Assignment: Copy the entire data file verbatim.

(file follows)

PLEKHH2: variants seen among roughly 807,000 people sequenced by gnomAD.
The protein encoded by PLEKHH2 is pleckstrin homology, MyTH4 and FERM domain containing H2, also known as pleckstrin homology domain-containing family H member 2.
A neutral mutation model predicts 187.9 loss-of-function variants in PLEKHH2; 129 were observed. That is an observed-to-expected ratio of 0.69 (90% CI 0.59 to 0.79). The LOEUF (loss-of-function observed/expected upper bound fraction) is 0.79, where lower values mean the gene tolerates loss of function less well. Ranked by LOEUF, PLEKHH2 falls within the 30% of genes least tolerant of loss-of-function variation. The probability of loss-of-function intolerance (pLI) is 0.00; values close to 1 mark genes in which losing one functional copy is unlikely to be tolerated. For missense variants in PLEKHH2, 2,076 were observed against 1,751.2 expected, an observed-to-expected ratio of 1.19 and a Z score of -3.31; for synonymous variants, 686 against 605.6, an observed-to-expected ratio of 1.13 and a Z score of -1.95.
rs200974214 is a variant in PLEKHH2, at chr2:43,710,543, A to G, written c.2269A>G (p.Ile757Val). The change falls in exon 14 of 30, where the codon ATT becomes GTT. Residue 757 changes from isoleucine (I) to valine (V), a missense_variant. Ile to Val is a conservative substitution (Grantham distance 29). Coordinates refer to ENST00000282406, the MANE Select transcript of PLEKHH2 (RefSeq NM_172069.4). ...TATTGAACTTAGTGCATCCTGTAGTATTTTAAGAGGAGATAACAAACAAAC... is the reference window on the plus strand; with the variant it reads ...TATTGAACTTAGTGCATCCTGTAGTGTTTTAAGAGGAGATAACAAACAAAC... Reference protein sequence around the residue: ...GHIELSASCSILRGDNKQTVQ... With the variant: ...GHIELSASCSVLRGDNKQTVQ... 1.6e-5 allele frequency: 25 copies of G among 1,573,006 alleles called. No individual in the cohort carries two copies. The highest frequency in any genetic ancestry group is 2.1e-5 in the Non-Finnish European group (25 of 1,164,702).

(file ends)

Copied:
PLEKHH2: variants seen among roughly 807,000 people sequenced by gnomAD.
The protein encoded by PLEKHH2 is pleckstrin homology, MyTH4 and FERM domain containing H2, also known as pleckstrin homology domain-containing family H member 2.
A neutral mutation model predicts 187.9 loss-of-function variants in PLEKHH2; 129 were observed. That is an observed-to-expected ratio of 0.69 (90% CI 0.59 to 0.79). The LOEUF (loss-of-function observed/expected upper bound fraction) is 0.79, where lower values mean the gene tolerates loss of function less well. Ranked by LOEUF, PLEKHH2 falls within the 30% of genes least tolerant of loss-of-function variation. The probability of loss-of-function intolerance (pLI) is 0.00; values close to 1 mark genes in which losing one functional copy is unlikely to be tolerated. For missense variants in PLEKHH2, 2,076 were observed against 1,751.2 expected, an observed-to-expected ratio of 1.19 and a Z score of -3.31; for synonymous variants, 686 against 605.6, an observed-to-expected ratio of 1.13 and a Z score of -1.95.
rs200974214 is a variant in PLEKHH2, at chr2:43,710,543, A to G, written c.2269A>G (p.Ile757Val). The change falls in exon 14 of 30, where the codon ATT becomes GTT. Residue 757 changes from isoleucine (I) to valine (V), a missense_variant. Ile to Val is a conservative substitution (Grantham distance 29). Coordinates refer to ENST00000282406, the MANE Select transcript of PLEKHH2 (RefSeq NM_172069.4). ...TATTGAACTTAGTGCATCCTGTAGTATTTTAAGAGGAGATAACAAACAAAC... is the reference window on the plus strand; with the variant it reads ...TATTGAACTTAGTGCATCCTGTAGTGTTTTAAGAGGAGATAACAAACAAAC... Reference protein sequence around the residue: ...GHIELSASCSILRGDNKQTVQ... With the variant: ...GHIELSASCSVLRGDNKQTVQ... 1.6e-5 allele frequency: 25 copies of G among 1,573,006 alleles called. No individual in the cohort carries two copies. The highest frequency in any genetic ancestry group is 2.1e-5 in the Non-Finnish European group (25 of 1,164,702).